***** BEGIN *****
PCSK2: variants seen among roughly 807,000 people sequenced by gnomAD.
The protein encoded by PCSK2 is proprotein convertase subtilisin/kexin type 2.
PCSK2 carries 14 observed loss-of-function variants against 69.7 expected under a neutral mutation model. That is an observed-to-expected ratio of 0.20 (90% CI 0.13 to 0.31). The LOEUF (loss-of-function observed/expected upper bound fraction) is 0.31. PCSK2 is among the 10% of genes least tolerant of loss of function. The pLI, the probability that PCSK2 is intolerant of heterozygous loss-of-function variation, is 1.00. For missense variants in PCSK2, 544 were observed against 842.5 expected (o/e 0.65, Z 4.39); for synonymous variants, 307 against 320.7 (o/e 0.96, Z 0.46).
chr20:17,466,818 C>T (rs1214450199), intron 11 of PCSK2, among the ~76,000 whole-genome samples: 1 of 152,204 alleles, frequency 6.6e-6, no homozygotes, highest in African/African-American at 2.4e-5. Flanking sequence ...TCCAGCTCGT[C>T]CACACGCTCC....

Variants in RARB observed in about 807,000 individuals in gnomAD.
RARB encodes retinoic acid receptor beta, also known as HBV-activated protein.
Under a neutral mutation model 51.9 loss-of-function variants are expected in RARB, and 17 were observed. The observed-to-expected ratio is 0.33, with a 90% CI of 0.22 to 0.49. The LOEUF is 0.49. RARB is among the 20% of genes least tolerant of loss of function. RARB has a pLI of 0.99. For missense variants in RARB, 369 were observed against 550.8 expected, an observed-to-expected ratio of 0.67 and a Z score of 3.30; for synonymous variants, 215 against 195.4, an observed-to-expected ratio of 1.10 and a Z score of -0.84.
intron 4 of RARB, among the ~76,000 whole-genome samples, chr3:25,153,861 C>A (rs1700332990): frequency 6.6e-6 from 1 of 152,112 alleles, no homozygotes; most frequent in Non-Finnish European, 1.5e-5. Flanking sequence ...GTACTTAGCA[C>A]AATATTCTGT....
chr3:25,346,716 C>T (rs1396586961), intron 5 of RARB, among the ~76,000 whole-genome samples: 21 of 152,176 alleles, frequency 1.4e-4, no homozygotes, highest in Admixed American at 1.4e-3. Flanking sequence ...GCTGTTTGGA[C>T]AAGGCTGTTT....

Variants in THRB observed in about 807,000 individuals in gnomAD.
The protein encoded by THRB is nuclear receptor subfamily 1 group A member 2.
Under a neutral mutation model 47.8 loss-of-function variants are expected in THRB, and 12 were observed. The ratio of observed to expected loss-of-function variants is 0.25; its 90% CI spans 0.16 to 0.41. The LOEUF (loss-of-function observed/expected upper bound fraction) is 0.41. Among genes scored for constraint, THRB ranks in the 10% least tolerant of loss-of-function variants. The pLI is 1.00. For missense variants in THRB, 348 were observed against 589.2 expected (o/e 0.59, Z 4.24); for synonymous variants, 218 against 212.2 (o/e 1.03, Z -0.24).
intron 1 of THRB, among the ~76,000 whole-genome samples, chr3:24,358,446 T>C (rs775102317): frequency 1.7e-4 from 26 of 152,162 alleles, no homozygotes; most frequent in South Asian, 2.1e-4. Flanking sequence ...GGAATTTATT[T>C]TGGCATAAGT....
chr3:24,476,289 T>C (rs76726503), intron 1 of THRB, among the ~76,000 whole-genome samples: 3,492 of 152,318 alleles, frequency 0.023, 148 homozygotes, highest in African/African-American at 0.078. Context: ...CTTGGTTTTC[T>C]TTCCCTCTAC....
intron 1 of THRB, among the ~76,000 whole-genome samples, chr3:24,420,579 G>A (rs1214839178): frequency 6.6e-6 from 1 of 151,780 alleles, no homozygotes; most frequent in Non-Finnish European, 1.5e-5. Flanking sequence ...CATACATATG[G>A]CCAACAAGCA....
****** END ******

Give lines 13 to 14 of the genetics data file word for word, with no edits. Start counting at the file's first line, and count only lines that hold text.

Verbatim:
intron 1 of THRB, among the ~76,000 whole-genome samples, chr3:24,358,446 T>C (rs775102317): frequency 1.7e-4 from 26 of 152,162 alleles, no homozygotes; most frequent in South Asian, 2.1e-4. Flanking sequence ...GGAATTTATT[T>C]TGGCATAAGT....
chr3:24,476,289 T>C (rs76726503), intron 1 of THRB, among the ~76,000 whole-genome samples: 3,492 of 152,318 alleles, frequency 0.023, 148 homozygotes, highest in African/African-American at 0.078. Context: ...CTTGGTTTTC[T>C]TTCCCTCTAC....